In a month when bad news came in threes (and I’m not talking about presidential debates), I realised three things.

  • The support of female friends is invaluable. I love the guys too but the girls rock. Especially after losing a loved one, each in their own way reminds me they care.
  • No relationship is without conflict. All my closest friends and I have had occasional disagreements: politics, ethics, behaviour, or which dishcloth to use for wiping up red wine. Just like any couple, it’s how you deal with these flash points that defines your respect for one another.
  • Friendships can survive long periods of neglect, much like my garden, and burst into bloom once more.  Memories, photos and Facebook act as great fertiliser.
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Colours for Cooty – The celebration of my Mum and her exceptional life

A fellow writer recently discussed the awkwardness of ‘unfriending’ a person. Not on social media, but in person. I get that. On three occasions, I have ‘consciously uncoupled’ from people whose influence became more negative than positive. On each occasion, I felt lighter, happier and couldn’t understand why it had taken so long. But true friends I will treasure forever.

Seeking comfort in books, as is my wont in times of trouble, I went back to female friendships. I re-read many and sought out certain passages which touched me the first time. Here’s a brief list of my favourites for you to curl up with. Ideally with a comfy blanket and a bowl of tomato soup.

The Pursuit of Love, by Nancy Mitford

A fictionalised account of the Mitford sisters, this insight into upper-class British family life in Downton Abbey through a child’s eyes. Fanny’s love and friendship with Linda and her sisters is a joy.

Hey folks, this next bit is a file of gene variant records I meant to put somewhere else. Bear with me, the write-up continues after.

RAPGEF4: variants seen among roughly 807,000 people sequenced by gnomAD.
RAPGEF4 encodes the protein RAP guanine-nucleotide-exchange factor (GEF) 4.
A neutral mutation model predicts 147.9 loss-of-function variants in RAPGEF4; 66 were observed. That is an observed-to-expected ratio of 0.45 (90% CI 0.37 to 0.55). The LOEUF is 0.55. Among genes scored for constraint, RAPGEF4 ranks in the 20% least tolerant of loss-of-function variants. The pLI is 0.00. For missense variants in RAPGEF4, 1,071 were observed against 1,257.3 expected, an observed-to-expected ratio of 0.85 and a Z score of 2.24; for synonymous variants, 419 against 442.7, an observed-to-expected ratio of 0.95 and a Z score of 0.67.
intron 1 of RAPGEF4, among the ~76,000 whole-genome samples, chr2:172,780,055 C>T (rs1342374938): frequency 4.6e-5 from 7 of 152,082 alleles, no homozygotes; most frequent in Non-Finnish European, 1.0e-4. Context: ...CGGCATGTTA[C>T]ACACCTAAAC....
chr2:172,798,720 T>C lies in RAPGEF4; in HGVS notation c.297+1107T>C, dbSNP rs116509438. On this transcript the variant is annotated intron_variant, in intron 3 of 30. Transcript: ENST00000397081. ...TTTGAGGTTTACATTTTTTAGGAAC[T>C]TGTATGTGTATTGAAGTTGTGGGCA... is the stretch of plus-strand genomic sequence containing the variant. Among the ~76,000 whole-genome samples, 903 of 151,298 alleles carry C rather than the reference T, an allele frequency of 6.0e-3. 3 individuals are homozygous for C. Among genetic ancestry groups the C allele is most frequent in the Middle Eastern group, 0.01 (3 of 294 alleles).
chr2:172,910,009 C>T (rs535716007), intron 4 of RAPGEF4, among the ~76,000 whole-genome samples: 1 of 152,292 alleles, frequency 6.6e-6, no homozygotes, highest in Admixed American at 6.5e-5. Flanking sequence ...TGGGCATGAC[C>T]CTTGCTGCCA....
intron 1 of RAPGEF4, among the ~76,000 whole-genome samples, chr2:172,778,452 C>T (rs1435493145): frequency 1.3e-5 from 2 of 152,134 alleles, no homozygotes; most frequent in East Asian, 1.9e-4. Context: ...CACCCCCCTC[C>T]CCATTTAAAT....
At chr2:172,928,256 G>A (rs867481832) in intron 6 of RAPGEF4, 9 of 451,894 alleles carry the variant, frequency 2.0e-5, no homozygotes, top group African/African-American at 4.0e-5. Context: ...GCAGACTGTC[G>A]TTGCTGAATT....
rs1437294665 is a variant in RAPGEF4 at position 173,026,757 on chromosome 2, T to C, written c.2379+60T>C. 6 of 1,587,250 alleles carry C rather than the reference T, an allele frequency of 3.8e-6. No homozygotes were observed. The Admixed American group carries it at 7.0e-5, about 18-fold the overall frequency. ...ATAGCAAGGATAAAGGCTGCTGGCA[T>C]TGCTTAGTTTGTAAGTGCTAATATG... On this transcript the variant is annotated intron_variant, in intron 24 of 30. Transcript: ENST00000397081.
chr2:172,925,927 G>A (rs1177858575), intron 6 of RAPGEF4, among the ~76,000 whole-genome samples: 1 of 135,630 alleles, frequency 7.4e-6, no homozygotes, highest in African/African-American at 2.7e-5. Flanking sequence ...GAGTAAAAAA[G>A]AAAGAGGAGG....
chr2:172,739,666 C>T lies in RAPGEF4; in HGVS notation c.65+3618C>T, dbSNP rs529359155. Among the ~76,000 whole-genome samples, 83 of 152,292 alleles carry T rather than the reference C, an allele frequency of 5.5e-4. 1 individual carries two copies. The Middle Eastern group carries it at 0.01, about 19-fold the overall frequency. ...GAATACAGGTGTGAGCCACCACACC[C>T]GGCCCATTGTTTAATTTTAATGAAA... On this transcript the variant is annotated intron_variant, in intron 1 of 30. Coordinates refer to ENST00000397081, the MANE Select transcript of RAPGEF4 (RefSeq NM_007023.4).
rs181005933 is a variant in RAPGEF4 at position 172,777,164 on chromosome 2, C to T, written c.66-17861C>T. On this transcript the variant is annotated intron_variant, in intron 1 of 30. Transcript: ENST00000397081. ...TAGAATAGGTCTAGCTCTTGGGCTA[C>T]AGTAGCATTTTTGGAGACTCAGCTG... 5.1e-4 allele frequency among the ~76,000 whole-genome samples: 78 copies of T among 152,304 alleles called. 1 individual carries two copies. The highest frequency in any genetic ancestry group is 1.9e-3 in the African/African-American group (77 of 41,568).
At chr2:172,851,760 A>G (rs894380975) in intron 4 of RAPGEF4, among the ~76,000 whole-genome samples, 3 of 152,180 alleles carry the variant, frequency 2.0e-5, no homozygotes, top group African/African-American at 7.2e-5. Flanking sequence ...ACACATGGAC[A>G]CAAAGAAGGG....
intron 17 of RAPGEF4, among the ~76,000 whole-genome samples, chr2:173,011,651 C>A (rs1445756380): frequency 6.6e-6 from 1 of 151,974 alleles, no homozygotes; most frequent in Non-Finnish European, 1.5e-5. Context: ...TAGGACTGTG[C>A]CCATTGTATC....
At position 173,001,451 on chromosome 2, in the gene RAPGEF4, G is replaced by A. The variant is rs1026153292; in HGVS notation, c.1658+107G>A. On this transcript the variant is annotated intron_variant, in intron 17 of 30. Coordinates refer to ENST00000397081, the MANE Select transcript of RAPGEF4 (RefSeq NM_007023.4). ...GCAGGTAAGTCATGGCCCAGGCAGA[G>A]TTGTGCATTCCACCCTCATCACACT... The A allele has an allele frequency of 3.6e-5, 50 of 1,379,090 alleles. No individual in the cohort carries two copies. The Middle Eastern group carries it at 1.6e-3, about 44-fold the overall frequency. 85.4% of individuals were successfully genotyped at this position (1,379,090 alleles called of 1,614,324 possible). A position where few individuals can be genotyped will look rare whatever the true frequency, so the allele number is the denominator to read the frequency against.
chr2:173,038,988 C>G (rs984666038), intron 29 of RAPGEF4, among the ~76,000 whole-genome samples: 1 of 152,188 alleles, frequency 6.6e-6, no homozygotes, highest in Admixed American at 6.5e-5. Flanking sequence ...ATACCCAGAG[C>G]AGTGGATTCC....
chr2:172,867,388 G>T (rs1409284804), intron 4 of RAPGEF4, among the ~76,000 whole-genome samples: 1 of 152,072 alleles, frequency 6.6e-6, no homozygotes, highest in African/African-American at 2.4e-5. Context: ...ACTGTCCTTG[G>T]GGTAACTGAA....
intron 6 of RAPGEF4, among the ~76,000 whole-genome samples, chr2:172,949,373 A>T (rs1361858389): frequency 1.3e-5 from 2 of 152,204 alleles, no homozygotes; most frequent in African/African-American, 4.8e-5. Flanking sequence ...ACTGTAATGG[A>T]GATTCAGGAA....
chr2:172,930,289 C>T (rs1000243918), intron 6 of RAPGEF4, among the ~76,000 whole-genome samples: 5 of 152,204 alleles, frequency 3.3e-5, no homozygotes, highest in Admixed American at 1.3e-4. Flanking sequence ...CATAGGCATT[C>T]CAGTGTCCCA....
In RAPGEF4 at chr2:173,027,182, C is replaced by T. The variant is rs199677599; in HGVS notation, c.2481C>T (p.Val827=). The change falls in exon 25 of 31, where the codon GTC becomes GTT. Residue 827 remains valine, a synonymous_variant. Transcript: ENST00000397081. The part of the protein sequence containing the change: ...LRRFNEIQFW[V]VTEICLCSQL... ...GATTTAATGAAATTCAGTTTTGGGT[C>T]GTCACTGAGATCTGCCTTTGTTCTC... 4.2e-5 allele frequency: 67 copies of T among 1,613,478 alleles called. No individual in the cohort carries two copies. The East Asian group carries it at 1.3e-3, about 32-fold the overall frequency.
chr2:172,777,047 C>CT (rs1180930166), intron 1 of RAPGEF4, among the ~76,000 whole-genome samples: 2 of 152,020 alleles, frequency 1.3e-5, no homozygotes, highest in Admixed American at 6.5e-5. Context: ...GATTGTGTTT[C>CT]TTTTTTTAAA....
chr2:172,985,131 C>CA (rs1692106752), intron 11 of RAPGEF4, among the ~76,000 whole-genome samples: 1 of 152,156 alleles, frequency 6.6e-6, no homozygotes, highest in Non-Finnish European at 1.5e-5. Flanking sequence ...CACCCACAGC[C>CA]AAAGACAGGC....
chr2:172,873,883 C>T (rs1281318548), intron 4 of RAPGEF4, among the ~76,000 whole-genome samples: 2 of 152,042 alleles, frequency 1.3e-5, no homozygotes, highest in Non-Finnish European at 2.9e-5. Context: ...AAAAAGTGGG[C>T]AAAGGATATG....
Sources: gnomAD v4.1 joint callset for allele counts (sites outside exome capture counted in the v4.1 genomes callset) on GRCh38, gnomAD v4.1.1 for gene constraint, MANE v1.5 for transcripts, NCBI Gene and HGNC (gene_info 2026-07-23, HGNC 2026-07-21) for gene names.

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Temples of Delight, By Barbara Trapido

Everyone should have a Jem. A bright, lively rulebreaker who enters Alice’s life like a firework. For an all-too-brief but thrilling period in her young life, Jem opens all kinds of doors, then disappears through one.

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Accabadora, by Michela Murgia

An ageing seamstress who operates as the opposite of a midwife (she helps souls leave rather than arrive) has no children. She adopts Maria, whose family can no longer afford to feed her. The two women learn much from each other, and learn how to manage life as a single woman in rural Sicily.

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The Elegance of the Hedgehog, by Muriel Barbery

Two women of different generations and even class, Renée is the concierge of a Paris apartment block, who outwardly conforms to what her residents expect. On the 5th floor, Paloma is planning her own suicide before her thirteenth birthday. Two women with a shared curiosity for the meaning of life.

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My Brilliant Friend, by Elena Ferrante

Also set in Sicily, this book offers an exceptional insight into the world of blood feuds and family roles but the theme is closer to The Pursuit of Love. An apparently unequal friendship turns out to be more balanced than it seems. A painfully accurate rendition of what a good friendship really is.

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Only Ever Yours, by Louise O’Neill

Both bleak and comforting, this vision of the future where women compete on every level is uncomfortably close to reality. The warmth of female friendship, the love and loss of a true friend is resonant throughout. It’s pitched as YA, which is a good thing. All young women, and men, should read this. It has a message for us all.

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